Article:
GSA Connects 2021 in Portland, Oregon

Paper No. 103-13
Presentation Time: 4:45 PM


SAVARESE, Michael, Dept. of Marine and Earth Sciences, Environmental Geology Program, Florida Gulf Coast University, 10501 FGCU Blvd S, Fort Myers, FL 33965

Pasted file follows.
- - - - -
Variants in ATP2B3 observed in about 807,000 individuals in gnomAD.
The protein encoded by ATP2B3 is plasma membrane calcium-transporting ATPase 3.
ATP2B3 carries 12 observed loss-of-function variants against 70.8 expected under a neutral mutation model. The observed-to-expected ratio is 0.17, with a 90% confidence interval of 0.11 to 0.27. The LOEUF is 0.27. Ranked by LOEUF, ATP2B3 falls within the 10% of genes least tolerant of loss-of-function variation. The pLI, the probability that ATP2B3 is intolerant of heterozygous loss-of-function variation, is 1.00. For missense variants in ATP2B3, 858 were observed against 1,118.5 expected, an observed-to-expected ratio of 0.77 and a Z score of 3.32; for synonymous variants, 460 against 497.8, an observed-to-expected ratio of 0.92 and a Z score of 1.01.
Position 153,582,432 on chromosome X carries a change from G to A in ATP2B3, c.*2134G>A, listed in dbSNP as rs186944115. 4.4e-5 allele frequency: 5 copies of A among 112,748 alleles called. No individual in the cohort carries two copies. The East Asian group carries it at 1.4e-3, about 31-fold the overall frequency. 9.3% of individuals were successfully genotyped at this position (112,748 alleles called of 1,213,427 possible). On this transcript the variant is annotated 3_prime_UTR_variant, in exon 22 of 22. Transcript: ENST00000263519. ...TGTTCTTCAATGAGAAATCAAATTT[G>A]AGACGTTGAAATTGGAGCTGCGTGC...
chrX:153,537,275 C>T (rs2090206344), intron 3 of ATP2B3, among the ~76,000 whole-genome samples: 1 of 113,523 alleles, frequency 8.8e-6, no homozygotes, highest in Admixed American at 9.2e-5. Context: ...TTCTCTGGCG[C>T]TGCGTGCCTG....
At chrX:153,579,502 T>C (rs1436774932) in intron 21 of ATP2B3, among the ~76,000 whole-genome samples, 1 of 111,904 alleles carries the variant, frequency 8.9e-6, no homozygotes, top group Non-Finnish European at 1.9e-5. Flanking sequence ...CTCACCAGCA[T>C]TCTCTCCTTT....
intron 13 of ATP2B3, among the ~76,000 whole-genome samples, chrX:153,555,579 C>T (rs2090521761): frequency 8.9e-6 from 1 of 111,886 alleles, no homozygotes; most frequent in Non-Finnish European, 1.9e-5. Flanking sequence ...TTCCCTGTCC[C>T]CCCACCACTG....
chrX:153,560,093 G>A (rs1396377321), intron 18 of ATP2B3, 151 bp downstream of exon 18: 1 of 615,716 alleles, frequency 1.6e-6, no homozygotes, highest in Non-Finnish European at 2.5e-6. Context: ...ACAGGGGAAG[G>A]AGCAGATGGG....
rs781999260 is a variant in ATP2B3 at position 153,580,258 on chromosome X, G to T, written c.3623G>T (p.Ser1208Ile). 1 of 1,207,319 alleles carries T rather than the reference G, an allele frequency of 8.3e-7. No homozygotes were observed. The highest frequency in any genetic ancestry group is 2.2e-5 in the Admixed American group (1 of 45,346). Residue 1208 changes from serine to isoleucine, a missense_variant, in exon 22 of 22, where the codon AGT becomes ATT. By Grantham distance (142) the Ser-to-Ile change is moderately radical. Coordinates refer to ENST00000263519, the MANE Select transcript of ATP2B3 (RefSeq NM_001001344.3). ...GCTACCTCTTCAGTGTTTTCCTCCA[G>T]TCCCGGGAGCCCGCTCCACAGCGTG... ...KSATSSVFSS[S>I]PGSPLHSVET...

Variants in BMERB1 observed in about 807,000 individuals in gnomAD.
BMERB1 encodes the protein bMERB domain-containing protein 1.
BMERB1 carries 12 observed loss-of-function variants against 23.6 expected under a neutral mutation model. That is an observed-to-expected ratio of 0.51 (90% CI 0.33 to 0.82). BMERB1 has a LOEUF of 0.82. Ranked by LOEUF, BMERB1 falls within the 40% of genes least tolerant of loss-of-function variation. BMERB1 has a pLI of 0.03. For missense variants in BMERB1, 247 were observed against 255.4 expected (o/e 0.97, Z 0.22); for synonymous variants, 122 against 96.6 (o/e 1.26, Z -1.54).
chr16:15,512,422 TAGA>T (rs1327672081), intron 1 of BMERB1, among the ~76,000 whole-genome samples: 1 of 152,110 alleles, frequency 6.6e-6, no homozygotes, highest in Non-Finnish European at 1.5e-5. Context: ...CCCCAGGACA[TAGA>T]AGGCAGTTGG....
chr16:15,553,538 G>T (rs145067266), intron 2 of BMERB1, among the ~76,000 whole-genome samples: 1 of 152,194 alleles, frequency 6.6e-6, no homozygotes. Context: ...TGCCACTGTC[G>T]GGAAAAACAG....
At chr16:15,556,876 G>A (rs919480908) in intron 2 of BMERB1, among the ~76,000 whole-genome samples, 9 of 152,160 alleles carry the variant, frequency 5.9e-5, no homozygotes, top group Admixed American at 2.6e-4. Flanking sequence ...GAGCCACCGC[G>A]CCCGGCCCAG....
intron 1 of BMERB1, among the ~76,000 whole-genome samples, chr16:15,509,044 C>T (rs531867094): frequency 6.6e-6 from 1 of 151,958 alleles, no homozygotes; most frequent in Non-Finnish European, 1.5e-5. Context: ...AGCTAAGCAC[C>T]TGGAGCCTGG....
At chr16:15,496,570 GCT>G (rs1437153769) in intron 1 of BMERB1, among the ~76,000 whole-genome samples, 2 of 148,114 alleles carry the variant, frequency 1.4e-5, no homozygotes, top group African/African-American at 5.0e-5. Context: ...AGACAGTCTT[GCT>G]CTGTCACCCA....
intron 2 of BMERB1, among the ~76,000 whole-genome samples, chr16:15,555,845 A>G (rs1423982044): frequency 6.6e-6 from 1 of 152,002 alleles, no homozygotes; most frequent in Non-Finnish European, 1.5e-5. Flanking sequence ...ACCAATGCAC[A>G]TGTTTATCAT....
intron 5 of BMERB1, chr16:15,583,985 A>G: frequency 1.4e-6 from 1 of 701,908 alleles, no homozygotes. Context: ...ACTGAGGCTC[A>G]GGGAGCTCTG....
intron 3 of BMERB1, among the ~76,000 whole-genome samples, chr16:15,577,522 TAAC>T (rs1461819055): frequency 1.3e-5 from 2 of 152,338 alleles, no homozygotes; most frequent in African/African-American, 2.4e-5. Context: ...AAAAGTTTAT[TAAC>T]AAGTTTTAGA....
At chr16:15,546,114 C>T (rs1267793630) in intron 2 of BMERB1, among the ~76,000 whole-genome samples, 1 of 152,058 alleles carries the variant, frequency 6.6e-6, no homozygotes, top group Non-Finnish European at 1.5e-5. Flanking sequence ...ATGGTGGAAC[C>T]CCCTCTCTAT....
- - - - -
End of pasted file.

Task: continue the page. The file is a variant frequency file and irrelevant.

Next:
Climate-change preparedness typically follows a 4-step process: (1) problem contextualization by the effected community; (2) assessing the vulnerability of the community’s assets; (3) adaptation planning and implementation; and (4) mitigation through greenhouse gas reduction to minimize the magnitude of climate effects. For coastal communities in particular, geoscience can inform tool development (i.e., computer models) for vulnerability analysis. With funding from 2 NOAA RESTORE Act grants, a team of scientists from University of Florida, Florida Gulf Coast University, and the U.S. Geological Survey is collaborating with urban, natural, and cultural resource managers and elected officials from city and county governments, public agencies, and NGOs to assist Collier County (coastal Southwest Florida) in its understanding of and planning for their vulnerability from SLR-exacerbated, storm-induced flooding. Three integrated computer models, ACUNE, XBEACH, and WARMER-mangrove, are projecting flooding scenarios for 3 future times (2030, 2060, 2100) and for 3 SLR magnitudes (based on NOAA, 2017 forecasts). ACUNE simulates the depth of inundation caused by SLR, storm surge, tides, and waves; XBEACH anticipates the magnitude and location of sediment erosion and deposition; and WARMER both accounts for the effects of mangrove vegetation on flooding attenuation and predicts the future distribution of that vegetation as a consequence of SLR. Two end-user teams (Natural & Cultural Resource Management and Urban Adaptation Planning), composed of 80 stakeholders, and a group of 70 civic leaders representing the county’s economic, social, and cultural sectors, have been engaged since the project’s inception. They have: informed tool development; identified and mapped their sector’s assets; been trained in the tools’ applications; and currently are engaged in vulnerability analysis workshops. The adaptation planning phase is forthcoming. The success of this project has been founded upon a relationship of trust and respect between the community and the science team, one that would not have been possible without closely engaging stakeholders throughout the process. Consequently, professionals with consensus-building skills should be integral partners in any climate-change preparedness project.